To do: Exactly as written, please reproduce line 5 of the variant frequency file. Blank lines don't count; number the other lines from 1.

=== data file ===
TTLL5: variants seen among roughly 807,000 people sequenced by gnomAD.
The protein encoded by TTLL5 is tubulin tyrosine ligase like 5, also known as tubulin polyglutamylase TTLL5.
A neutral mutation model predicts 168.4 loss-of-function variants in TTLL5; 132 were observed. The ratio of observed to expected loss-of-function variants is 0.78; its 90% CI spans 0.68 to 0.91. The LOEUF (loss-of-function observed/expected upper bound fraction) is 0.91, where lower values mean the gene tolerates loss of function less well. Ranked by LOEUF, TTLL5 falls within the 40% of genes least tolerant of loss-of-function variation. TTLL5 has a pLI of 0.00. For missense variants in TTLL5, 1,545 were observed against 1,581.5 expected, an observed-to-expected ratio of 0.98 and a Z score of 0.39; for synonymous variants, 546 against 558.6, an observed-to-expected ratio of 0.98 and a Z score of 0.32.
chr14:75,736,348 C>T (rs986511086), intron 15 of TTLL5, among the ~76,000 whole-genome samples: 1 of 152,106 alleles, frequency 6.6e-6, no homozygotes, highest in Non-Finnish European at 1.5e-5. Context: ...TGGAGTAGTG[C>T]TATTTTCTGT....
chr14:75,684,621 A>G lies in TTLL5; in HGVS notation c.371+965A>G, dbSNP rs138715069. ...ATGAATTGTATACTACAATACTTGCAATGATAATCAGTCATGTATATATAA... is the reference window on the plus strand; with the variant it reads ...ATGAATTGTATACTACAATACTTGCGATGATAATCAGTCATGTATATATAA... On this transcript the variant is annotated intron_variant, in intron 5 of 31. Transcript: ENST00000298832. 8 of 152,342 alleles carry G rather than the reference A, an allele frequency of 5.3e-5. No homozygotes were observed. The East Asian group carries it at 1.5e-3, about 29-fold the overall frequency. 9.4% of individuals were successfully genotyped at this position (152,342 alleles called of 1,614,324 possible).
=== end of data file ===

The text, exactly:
chr14:75,684,621 A>G lies in TTLL5; in HGVS notation c.371+965A>G, dbSNP rs138715069. ...ATGAATTGTATACTACAATACTTGCAATGATAATCAGTCATGTATATATAA... is the reference window on the plus strand; with the variant it reads ...ATGAATTGTATACTACAATACTTGCGATGATAATCAGTCATGTATATATAA... On this transcript the variant is annotated intron_variant, in intron 5 of 31. Transcript: ENST00000298832. 8 of 152,342 alleles carry G rather than the reference A, an allele frequency of 5.3e-5. No homozygotes were observed. The East Asian group carries it at 1.5e-3, about 29-fold the overall frequency. 9.4% of individuals were successfully genotyped at this position (152,342 alleles called of 1,614,324 possible).